- July 28, 2021
- Posted by: David Marshall
- Category: Business, Management, Manufacturing
There are worker shortages right now in all kinds of industries, from the restaurant industry to office workers to manufacturing. There are a variety of causes, like the fact that we’re paying people more not to work than what they were being paid to work. Or that some people don’t want to return to the office and would rather work from home. Manufacturers are having their own issues with hiring people.
If I were facing a worker shortage like this right now, the first thing I would do is start by reducing shifts and getting rid of the dead weight, to begin with. A lot of times, the reason there’s a worker shortage is because some employees aren’t actually doing any work, and they’re collecting a paycheck. Getting rid of the deadweight can actually improve productivity.
When I first started managing Robroy, I cut our shifts back from three to two by firing people who were sleeping on the third shift and getting rid of people on all the shifts who weren’t pulling their weight at all. We cut back to two shifts and got more done than in three shifts with more people.
You can also cross-train your workforce. Make sure everyone can do at least one other function on the floor so you can move people from one place to another. This way, if you have a greater demand for one function one day, you can move someone over and fill a gap.
I would also raise prices on your products, at least temporarily. It will help slow the demand but still let you keep the same level of revenue. People who absolutely need your product will pay for it and you can serve them well, but the people who look for an alternative won’t stress your system.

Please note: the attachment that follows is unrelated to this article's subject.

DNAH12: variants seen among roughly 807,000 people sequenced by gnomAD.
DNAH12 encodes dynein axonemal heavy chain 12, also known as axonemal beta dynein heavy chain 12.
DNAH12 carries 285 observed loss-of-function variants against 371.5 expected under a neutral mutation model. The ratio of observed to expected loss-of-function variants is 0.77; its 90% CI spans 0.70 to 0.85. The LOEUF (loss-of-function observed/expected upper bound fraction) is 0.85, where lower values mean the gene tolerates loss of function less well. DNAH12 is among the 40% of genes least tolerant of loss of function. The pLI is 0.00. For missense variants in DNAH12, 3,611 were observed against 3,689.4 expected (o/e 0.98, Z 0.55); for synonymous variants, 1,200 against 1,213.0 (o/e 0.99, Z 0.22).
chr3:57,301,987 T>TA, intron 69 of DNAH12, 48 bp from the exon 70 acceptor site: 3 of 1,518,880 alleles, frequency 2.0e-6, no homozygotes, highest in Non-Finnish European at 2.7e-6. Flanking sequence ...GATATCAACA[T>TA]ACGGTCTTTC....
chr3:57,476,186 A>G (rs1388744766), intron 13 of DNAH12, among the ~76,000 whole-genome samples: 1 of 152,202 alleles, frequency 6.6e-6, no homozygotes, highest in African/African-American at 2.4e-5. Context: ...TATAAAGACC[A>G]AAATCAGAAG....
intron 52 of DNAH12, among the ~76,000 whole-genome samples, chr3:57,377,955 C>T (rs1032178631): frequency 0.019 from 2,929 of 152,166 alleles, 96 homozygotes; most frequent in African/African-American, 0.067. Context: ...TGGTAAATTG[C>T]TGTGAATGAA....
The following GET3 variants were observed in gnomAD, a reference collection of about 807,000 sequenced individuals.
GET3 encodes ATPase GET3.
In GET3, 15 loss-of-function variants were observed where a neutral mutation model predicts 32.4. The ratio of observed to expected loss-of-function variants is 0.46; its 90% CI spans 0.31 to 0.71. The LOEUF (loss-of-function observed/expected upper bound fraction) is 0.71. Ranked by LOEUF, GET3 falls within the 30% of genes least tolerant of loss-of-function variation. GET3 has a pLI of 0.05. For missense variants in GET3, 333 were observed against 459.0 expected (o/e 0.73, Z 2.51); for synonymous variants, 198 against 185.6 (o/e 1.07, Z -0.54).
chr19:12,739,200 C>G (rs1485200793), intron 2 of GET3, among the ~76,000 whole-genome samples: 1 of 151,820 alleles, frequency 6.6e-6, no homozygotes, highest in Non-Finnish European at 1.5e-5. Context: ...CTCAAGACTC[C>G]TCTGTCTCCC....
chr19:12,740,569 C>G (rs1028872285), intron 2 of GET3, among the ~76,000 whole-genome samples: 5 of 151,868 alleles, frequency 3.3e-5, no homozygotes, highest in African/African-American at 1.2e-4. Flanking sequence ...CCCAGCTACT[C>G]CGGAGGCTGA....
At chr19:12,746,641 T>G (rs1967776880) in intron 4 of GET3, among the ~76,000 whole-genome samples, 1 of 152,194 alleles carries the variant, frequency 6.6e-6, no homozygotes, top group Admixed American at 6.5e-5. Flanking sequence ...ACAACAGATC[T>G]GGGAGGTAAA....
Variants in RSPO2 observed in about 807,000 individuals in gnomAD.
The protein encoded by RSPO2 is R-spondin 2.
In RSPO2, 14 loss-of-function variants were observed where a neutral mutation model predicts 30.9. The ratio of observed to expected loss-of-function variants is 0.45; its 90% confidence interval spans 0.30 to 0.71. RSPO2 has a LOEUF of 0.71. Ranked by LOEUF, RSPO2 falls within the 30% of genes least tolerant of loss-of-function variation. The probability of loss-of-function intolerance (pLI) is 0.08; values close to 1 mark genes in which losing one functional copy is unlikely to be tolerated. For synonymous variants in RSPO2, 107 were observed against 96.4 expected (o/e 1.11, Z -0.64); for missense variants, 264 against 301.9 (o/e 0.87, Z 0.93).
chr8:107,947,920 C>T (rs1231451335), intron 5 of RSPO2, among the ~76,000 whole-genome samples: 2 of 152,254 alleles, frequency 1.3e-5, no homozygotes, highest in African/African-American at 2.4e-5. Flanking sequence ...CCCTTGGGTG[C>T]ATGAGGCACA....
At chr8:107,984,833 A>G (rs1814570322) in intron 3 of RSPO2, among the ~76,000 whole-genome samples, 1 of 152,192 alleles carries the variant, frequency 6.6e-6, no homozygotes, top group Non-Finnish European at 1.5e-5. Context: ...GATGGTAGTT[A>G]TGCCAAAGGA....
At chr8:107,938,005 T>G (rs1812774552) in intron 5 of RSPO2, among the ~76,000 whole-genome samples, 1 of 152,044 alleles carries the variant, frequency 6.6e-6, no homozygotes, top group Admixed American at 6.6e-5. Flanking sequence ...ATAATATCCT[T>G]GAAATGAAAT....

And I know I keep beating this drum over and over, but I would also start measuring everyone’s results. If nothing else, this will help you identify problems that are leading to a lot of waste and returned products. If you could make everything right the first time, you wouldn’t need overtime and extra shifts to fix all the errors being created.
Another step is to upgrade to digital manufacturing whenever possible. If you can have computers and automated machines doing a lot of the work, you can reduce the number of people needed to complete a process.
We cut one factory from 140 to 20 employees by switching over to a digital manufacturing operation. This was a plant that often had a problem keeping associates, and I would lose 20 percent of my workforce any time we had a drug test. Once we revamped the entire plant, we brought the 20 best people back and produced four times as much as the old system.
If these aren’t on your strategic planning horizon already, they should be. Because if you’re not looking to improve your workforce and your equipment now, you’re ultimately going to fail. These are 2 – 5 year projects, not things you can implement in 90 days.
There are some quick-fix measures you can take, like signing bonuses and same-day pay, but these are all transitory. If you offered someone a $1,000 signing bonus or paid them the next day, there’s no guarantee they’ll show up a week later.
I’ve been a manufacturing executive, as well as a sales and marketing professional, for a few decades. Now I help companies turn around their own business, including pivoting within their industry. If you would like more information, please visit my website and connect with me on Twitter, Facebook, or LinkedIn.